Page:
Safer City Streets, the worldwide traffic safety network for liveable cities, today published its first global benchmark of urban road safety. The data, collected from 31 cities in 20 countries reveals striking differences in road safety performance between cities.
The number of road fatalities in the benchmarked cities range from 0.9 to 24 deaths per 100 000 inhabitants – that is over 25 times more. Europe’s safest city (Stockholm) recorded half the traffic fatalities per 100 000 inhabitants of the best-performing city in the Americas, Montreal (see chart 1).
The risk to die in a traffic crash varies greatly for the different forms of transport among cities. The risk for a pedestrian to be killed in a crash is six times higher in some cities than in others, and the risk of being killed on a bicycle varies ten-fold (see chart 2).
“Our benchmarking exercise provides evidence for the large differences between cities that experts long assumed. What’s important is that citizens and their elected officials can now see black on white how their city compares to others,” said Alexandre Santacreu, Safer City Streets project lead at the International Transport Forum. ”
This will enable them to ask the right questions about how to make their city’s streets safe. With this work, we identify which cities they should learn from in order to close the gap. Cities that do not perform so well should not despair, they can now measure the room for improvement and learn a few tricks from their peers.”
Urban traffic safety is a growing concern as cities strive to become more liveable. Over the past decade, the number of road deaths in cities has decreased much more slowly than on the national level.
In Barcelona for instance, the number of fatalities fell by 25% in 2011-15 compared to 2006-10, while Spain’s total fell by 44%. In the Paris Area, the number of fatalities remained stable, whereas France’s total fell by 20% (see chart 3).
One of the reasons for the slower progress is that city traffic has a high share of vulnerable road users: pedestrians, cyclists and users of motorised two-wheelers make up 78% of traffic participants, while the national median is 43%.
And vulnerable road users are more likely to be killed in traffic crashes. They make up 85% of all traffic fatalities in high-density cities (>10 000 inhabitants/km2). Even in low-density cities with less than 5 000 inhabitants/km2, vulnerable road users account for up to two thirds of road fatalities.
The report recommends that cities should:
– create mobility observatories, to collect and report on a wide range of urban mobility and road safety data including on behaviours, attitudes and enforcement;
– collect traffic casualty data from hospitals, not only from police records, to obtain more accurate data;
– adopt ambitious targets to reduce the number of road casualties in cities.
Eighty representatives from members of the Safer City Streets network will meet in London and Manchester on 20/21 November to discuss implications from the benchmarking for the next steps in developing the Safer City Streets network.
The meeting will also provide an opportunity to welcome new member cities Manchester and Bristol from the UK. Also present will be representatives from Aarhus, Addis Ababa, Amsterdam, Arad, Baku, Bologna, Buenos Aires, Budapest, Cork, Dublin, Lewisham, Lisbon, Madrid, Newcastle, Prague, Rotterdam, The Hague and Utrecht Province.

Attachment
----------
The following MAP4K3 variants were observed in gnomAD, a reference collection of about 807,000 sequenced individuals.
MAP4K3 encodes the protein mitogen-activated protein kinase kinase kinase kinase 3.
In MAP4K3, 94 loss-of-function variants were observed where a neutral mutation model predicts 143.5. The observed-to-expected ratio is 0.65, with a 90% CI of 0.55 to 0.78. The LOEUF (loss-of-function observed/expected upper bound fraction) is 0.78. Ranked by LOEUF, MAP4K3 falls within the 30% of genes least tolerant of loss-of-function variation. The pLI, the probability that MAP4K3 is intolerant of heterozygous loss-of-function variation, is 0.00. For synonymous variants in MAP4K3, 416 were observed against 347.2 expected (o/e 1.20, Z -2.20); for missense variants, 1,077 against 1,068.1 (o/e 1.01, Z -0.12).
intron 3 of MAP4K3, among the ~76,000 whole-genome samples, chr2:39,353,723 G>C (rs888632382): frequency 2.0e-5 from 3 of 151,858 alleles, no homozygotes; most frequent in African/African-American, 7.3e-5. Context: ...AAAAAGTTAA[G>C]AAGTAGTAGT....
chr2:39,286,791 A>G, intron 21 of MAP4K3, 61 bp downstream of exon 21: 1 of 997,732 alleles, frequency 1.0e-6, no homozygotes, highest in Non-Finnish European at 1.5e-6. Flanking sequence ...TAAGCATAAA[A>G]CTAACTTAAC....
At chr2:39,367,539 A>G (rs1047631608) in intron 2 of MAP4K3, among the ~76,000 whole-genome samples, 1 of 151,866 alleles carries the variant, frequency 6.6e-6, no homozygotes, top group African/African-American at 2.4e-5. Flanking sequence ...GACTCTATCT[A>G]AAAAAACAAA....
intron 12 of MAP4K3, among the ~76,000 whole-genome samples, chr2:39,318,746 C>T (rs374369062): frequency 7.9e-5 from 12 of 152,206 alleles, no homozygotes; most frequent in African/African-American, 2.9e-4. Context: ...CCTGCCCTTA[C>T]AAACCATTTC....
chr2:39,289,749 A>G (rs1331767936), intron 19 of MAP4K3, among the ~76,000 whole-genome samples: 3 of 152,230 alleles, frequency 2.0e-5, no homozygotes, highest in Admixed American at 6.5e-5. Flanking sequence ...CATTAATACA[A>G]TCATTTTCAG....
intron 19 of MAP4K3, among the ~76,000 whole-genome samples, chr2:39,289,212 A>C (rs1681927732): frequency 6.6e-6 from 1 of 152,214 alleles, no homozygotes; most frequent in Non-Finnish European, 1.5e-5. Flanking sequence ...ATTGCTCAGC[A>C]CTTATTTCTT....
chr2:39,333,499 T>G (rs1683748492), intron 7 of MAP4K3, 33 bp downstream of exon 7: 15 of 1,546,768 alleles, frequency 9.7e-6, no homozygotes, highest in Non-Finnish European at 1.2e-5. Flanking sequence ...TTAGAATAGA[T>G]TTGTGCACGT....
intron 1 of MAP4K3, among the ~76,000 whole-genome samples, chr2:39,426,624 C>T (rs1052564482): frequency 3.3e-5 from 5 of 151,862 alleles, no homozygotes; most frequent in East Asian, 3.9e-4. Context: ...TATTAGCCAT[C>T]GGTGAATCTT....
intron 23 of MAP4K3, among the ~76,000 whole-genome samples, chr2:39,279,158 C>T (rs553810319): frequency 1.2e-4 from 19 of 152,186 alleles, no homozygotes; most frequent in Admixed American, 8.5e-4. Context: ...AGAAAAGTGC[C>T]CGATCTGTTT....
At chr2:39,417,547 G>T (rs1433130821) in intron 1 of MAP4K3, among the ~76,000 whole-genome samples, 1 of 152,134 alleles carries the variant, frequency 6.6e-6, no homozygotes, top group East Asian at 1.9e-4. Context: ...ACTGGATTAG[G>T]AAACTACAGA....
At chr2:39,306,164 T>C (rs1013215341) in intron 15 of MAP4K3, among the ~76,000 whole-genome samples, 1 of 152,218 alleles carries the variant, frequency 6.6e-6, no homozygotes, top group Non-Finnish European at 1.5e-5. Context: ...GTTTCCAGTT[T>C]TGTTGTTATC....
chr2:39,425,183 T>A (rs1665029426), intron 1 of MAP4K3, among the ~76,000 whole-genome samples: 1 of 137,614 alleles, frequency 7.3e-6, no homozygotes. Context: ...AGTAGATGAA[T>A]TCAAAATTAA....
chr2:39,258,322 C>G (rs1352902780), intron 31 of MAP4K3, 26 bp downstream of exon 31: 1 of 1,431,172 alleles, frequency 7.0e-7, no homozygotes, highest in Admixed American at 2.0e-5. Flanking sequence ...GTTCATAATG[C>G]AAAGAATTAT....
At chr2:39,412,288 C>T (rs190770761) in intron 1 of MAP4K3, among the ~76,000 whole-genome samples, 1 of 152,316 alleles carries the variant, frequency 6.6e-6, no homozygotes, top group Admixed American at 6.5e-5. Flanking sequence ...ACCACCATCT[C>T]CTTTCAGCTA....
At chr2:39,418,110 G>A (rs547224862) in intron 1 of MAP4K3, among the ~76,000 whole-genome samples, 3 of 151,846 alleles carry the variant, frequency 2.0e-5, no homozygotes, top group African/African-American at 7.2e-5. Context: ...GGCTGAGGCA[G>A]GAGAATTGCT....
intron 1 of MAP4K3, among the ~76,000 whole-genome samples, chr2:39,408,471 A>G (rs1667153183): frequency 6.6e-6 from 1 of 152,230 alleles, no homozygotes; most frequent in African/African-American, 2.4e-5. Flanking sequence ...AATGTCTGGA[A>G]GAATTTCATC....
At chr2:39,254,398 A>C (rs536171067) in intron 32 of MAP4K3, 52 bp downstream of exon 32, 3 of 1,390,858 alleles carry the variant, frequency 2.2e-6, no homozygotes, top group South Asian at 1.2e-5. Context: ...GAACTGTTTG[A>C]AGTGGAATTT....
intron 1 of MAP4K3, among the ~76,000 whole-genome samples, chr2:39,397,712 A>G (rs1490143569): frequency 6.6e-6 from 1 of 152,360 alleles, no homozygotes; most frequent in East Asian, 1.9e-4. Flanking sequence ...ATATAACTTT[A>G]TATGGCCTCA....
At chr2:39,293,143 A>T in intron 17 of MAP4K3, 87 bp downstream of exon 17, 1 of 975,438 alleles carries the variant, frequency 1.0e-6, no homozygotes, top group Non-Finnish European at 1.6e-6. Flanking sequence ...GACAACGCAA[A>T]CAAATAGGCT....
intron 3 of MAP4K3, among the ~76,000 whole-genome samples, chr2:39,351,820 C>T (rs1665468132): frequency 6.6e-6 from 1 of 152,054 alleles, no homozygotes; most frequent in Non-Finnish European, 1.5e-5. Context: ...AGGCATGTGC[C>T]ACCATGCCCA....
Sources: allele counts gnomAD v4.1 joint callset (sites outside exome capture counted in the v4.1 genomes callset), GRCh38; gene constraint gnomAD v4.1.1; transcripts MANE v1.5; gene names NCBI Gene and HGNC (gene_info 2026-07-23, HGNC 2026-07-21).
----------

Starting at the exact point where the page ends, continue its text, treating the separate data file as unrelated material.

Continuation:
Dr Jon Lamonte, Chief Executive of Transport for Greater Manchester, said:
“Just one death or serious injury on our roads is one too many. That is why we are working hard in Greater Manchester to make our streets as safe as they can be, especially for some of our most vulnerable road users, including cyclists and pedestrians. This will not only save lives, but encourage more people to choose these sustainable and active ways of getting around our city-region.”
“Road safety is a complex problem and there isn’t one simple solution. We will need to implement a range of measures to reduce the number of deaths and injuries on our streets, including new infrastructure, education, policing and technological innovation. To target these correctly we need the right data; that is why initiatives like Safer City Streets are so important, so that we can share information and learn and collaborate with our global counterparts.”
Stuart Reid, Interim Director of Vision Zero at Transport for London, said:
“We welcome the findings of this benchmarking report and are pleased to have contributed to it. The opportunity to share best practice with other cities is extremely valuable. Good quality data is vital for us to understand what is happening on the roads, so we can intervene as effectively as possible.”
“We are committed to a Vision Zero approach to eliminate death and serious injuries on London’s roads, through working with the police on enhanced enforcement and visibility, investing in safer cycling infrastructure and creating a world-leading Direct Vision Standard for heavy goods vehicles to remove the most dangerous vehicles from the British capital’s roads.”
Paula Bisiau, Undersecretary of Sustainable and Safe Mobility of the City of Buenos Aires, said:
“Promoting data-driven public policies is essential in reducing traffic fatalities and serious injuries. In this sense, the City of Buenos Aires is increasingly using the information provided by Safer City Streets to define priorities, to design targeted actions at each specific user group and to evaluate the impact of the implemented measures.”
Safer City Streets is generously funded by FIA, the Fédération Internationale de l’Automobile (website).